At the moment, IRs are low - and prices have being playing catch up for the last 5 years. In the mid 90s, house prices were massively undervalued - hence once the momentum got going, they shot up strongly to where we are now.

We currently at at the point of rough equilibrium, where current prices are affordable, fully supported by the low IRs and wealth passing down through the generations. This is why the BoE state that if we are truly in a 'low interest' environment and we have reverted back to the trend of everything before 1970, then prices are completely in line with fundamentals.

So in other words, the 30 years period 1970-200 was the odd ball, not where we are now.

The 90's crash was caused by high interest rates and a 2 year economic depression.

So the question is - where is the re-run of those circumstances, that will cause a house price crash ? ........ there isn't one on the horizon. People on here like to think they are fantastic economists who know better than the professionals, but I just don't buy that.

The outlook is economically stable and IRs will stay low - these two simple factors tell me that house prices at these levels are here to stay. I don't think prices will go much higher because we have reached the point at which people can't afford more, but that doesn't mean prices will automatically drop.

People on here are coming up with their pet theories to explain why IRs are set to rocket and none of them stand up to scrutiny. Hence I'll stand by my belief, prices will stary high for a while to come, until IRs truly start going upwards and substantially.

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It’s not an easy one to answer and there is probably not a single answer. My own theory is pretty similar to Casual Observer’s low interest rates and low inflation have done two things simultaneously:-

Made high property prices “affordable” and made other sorts of investments unattractive.

The problem with my theory is that if you look back beyond the 1960’s we had low interest rates and low inflation and house prices were fairly flat. Bang goes that theory.

So I’m left with an unscientific “feeling” it’s some sort of mass hysteria and will end with the sort of regrets which German’s of a certain age have.

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Its pretty simple, its all to do with affordability.

With low interest rates or rapidly rising wages, then houses become more affordable - but momentum takes time to build in the housing market, years in fact. This being on the upside and downside of the cycle.

At the moment, IRs are low - and prices have being playing catch up for the last 5 years. In the mid 90s, house prices were massively undervalued - hence once the momentum got going, they shot up strongly to where we are now.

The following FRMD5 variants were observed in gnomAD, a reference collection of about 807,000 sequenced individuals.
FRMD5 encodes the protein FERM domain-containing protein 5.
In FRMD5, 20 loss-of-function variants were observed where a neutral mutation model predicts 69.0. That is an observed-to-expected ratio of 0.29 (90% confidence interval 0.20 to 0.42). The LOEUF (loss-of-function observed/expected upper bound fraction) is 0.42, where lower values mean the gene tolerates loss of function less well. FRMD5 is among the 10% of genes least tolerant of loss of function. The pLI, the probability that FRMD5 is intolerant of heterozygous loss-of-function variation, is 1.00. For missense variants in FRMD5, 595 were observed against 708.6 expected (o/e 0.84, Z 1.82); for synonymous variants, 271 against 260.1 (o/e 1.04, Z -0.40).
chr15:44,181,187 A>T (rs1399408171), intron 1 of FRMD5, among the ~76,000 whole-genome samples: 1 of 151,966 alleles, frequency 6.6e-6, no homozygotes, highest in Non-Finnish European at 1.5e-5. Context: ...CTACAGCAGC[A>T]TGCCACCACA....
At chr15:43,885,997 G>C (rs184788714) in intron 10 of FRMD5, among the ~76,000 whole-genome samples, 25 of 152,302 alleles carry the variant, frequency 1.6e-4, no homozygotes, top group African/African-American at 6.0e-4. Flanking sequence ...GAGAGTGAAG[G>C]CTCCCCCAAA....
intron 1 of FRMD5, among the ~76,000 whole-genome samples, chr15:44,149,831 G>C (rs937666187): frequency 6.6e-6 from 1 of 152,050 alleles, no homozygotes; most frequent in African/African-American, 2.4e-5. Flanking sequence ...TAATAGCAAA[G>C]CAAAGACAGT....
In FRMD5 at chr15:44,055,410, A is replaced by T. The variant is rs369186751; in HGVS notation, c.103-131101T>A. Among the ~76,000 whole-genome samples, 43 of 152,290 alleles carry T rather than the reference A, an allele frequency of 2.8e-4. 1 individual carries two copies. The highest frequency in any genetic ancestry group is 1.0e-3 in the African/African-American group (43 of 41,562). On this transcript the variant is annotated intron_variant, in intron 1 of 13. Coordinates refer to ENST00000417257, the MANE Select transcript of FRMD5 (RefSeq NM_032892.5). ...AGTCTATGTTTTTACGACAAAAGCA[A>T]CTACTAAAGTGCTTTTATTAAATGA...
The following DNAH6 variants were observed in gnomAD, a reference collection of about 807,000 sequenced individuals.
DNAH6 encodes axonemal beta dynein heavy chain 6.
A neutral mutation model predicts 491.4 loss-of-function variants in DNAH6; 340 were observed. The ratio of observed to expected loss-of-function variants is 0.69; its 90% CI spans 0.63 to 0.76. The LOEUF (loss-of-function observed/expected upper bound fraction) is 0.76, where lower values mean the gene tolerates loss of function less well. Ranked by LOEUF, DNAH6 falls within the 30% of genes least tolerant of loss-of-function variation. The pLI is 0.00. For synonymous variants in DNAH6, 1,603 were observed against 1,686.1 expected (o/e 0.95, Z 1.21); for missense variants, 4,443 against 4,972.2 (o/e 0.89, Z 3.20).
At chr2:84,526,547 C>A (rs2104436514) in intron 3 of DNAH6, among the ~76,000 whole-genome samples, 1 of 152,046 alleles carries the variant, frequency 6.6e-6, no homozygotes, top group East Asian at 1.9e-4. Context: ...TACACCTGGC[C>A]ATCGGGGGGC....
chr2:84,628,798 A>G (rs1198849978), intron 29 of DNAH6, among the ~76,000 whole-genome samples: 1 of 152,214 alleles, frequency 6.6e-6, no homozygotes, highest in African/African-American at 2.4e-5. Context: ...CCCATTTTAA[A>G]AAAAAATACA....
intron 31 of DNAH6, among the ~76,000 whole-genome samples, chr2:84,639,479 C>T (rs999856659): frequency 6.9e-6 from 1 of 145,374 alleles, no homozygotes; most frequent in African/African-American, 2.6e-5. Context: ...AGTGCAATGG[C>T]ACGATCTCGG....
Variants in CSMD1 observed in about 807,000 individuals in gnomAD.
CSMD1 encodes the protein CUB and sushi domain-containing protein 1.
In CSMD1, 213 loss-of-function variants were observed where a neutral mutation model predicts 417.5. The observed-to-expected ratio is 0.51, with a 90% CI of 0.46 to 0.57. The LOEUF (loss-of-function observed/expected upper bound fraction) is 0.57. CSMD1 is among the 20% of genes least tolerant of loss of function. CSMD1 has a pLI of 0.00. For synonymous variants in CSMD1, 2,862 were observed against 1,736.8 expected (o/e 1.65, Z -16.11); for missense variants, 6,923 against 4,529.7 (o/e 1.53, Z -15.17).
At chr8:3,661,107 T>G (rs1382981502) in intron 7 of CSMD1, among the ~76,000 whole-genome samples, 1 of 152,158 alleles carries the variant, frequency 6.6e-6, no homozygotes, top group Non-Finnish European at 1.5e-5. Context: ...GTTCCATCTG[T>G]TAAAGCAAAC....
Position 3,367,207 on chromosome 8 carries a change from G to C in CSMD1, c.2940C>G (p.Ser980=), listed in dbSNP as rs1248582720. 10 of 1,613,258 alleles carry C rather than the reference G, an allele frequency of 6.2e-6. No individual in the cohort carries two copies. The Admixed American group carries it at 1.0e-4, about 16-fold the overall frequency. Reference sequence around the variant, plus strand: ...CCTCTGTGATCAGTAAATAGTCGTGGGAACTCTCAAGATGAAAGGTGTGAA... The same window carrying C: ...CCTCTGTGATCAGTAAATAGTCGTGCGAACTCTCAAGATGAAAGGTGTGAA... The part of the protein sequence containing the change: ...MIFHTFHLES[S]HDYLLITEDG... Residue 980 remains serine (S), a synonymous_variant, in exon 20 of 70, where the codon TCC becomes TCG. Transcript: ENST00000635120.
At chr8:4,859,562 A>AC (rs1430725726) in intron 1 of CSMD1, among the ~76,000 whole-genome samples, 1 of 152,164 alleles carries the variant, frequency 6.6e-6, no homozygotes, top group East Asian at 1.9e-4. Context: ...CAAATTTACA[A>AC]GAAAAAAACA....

We currently at at the point of rough equilibrium, where current prices are affordable, fully supported by the low IRs and wealth passing down through the generations. This is why the BoE state that if we are truly in a 'low interest' environment and we have reverted back to the trend of everything before 1970, then prices are completely in line with fundamentals.

So in other words, the 30 years period 1970-200 was the odd ball, not where we are now.

The 90's crash was caused by high interest rates and a 2 year economic depression.

So the question is - where is the re-run of those circumstances, that will cause a house price crash ? ........ there isn't one on the horizon. People on here like to think they are fantastic economists who know better than the professionals, but I just don't buy that.

The outlook is economically stable and IRs will stay low - these two simple factors tell me that house prices at these levels are here to stay. I don't think prices will go much higher because we have reached the point at which people can't afford more, but that doesn't mean prices will automatically drop.

People on here are coming up with their pet theories to explain why IRs are set to rocket and none of them stand up to scrutiny. Hence I'll stand by my belief, prices will stary high for a while to come, until IRs truly start going upwards and substantially.

I have to say that I can find no argument with any of your points. I think you're right and that we are, in fact, in for a period of price stagnation. Prices may fall a bit if unemployment or taxes increase, but I no longer believe there will be a crash in the near/medium term.

The problem with my theory is that if you look back beyond the 1960’s we had low interest rates and low inflation and house prices were fairly flat. Bang goes that theory.

But credit (mortgages) was very limited back in the 60's, and that prevented HPI